Jesus never took anyone’s side but God’s. That kept His heart whole and His mind clear. Taking sides breaks the heart, clogs the mind, and frustrates the body of Christ. The singleness of Christ’s allegiance and love is a beautiful example to follow. Unfortunately, even the disciples had trouble doing that. It is human nature to take sides and choose teams.
When I was young, I was always the last one picked for any team. I was small and hated it when we played a game that involved choosing teams. I knew I would be the last or next to last no matter what the game. I always played hard and tried to compensate for my size. It never worked, but I kept trying. The sweetest compliment I ever got was from a student when my intramural class was getting ready to play one afternoon.
Dusty came up to me before homebase and looked at my clothing and shoes. He said, “Mrs. Proctor, you’re not dressed out!” I was always dressed to play and loved being part of the team, but I had a big meeting right after school and wouldn’t have time to change before going. I loved that my students loved for me to play alongside them and looked forward to the games and activities as much as they did. However, I wasn’t prepared for Dusty’s next remark.
He was seriously concerned as he told me adamantly that I was the team’s third best player, and he needed for me to be ready to play. I didn’t smile, but I sure wanted to. I knew Nick must have been second on Dusty’s list! I also knew Nick would have been first on his list with Dusty second:) He inspired me so much that I decided not to worry about the silly meeting and quickly ran to get ready for the game. We often didn’t even keep score during those games designed to build community, but I was so lifted by Dusty’s estimation of me that I played harder than ever before. Funny how the way others view us affects our performance.
I think of Dusty when I think of how Jesus feels about my doing the work God places before me. God chose me and other silly humans to be on His side, and Jesus makes it clear that He needs all of us and sees us in the same way Dusty saw me. He bids me to get ready because He needs me. That is a mystery I don’t suppose I’ll understand until I’m in His presence, but it inspires me to do my best because He believes in me. That truly does affect my performance and attitude in a miraculous way!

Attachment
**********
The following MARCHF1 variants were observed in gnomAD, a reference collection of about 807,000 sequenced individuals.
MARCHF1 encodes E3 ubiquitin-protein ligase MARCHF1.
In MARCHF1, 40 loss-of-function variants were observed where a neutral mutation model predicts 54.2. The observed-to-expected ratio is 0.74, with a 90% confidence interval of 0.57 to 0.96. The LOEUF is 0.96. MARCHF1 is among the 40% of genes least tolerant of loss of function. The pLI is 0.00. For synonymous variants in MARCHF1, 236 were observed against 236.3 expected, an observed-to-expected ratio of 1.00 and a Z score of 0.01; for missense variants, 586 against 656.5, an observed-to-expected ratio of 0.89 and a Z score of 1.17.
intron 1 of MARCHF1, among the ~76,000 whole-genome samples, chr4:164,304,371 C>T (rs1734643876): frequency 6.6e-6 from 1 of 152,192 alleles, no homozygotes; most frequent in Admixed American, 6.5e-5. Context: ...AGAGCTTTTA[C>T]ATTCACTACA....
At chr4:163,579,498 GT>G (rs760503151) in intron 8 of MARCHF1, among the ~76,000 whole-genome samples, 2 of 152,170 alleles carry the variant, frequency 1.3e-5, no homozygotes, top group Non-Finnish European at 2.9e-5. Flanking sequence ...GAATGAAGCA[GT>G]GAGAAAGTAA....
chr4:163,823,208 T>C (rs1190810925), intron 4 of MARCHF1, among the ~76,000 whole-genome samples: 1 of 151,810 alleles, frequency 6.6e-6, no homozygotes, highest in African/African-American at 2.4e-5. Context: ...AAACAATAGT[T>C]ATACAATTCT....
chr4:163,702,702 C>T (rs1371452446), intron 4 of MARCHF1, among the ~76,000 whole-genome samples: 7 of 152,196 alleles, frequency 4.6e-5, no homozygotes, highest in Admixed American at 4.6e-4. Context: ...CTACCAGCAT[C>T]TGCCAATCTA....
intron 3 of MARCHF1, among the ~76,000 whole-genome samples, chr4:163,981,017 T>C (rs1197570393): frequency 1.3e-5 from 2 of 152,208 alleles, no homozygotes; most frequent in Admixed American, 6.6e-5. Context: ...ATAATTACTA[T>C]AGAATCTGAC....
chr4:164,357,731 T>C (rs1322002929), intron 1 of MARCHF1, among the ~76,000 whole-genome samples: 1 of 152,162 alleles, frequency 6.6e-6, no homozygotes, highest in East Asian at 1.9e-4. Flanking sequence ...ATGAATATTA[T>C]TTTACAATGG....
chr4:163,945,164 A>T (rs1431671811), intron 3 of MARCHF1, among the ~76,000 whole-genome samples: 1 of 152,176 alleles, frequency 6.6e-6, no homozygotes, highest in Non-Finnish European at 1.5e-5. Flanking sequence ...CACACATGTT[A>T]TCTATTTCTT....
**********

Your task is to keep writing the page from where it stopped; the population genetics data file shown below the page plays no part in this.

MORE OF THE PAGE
The scripture this week is a beautiful reminder that the disciples behaved much like those kids picking teams when I was young. That leaves folks feeling left out or last picked. Jesus, like Dusty, comes to me and to all who serve Him and says just what Dusty said, “I need you, and you’re not dressed out!” He says it seriously, sincerely, and with a look that makes me drop the reasons or excuses I have for not getting out in the field, get ready, and go on that field with new life knowing that He believes in me and knows I can do what He needs for me to do.
The Pharisees take a beating in the Sunday School classes and children’s stories, but Mark reminds us that the disciples weren’t any better. That’s a great lesson for me to remember. It’s easy to point fingers at those who aren’t like me, but it’s not much fun to see myself in those disciples. Jesus knew they needed a reminder that we are all on the same team, and every member of that team is important. It’s a great reminder to me, as well. Here’s what Jesus had to say to a group who were concerned about taking sides.
The Message Eugene Peterson
John spoke up, “Teacher, we saw a man using your name to expel demons and we stopped him because he wasn’t in our group.”Jesus wasn’t pleased. “Don’t stop him. No one can use my name to do something good and powerful, and in the next breath cut me down. If he’s not an enemy, he’s an ally. Why, anyone by just giving you a cup of water in my name is on our side. Count on it that God will notice.“On the other hand, if you give one of these simple, childlike believers a hard time, bullying or taking advantage of their simple trust, you’ll soon wish you hadn’t. You’d be better off dropped in the middle of the lake with a millstone around your neck. “If your hand or your foot gets in God’s way, chop it off and throw it away. You’re better off maimed or lame and alive than the proud owner of two hands and two feet, godless in a furnace of eternal fire. And if your eye distracts you from God, pull it out and throw it away. You’re better off one-eyed and alive than exercising your twenty-twenty vision from inside the fire of hell. “Everyone’s going through a refining fire sooner or later, but you’ll be well-preserved, protected from the eternal flames. Be preservatives yourselves. Preserve the peace.”
Jesus sure doesn’t mince words when it comes to dividing His body. Preserve the peace indeed! Taking sides causes the body of Christ to be divided, and Jesus hates that because it hurts God’s work. How I wish we could understand that simple lesson and stop sizing up one another and deciding who’s on God’s team. Now, I don’t think we need to rank the members as Dusty did, but I do know that feeling I am important part of God’s work gives me the courage to take the field.
The work Jesus has for me is much more important than the intramural game we played that afternoon, but the sweet lesson I learned from Dusty helps me remember to get dressed out and be ready for all God has for me to do each day. We are all on the same team and must see everyone as important if God’s work is to be done the way He desires.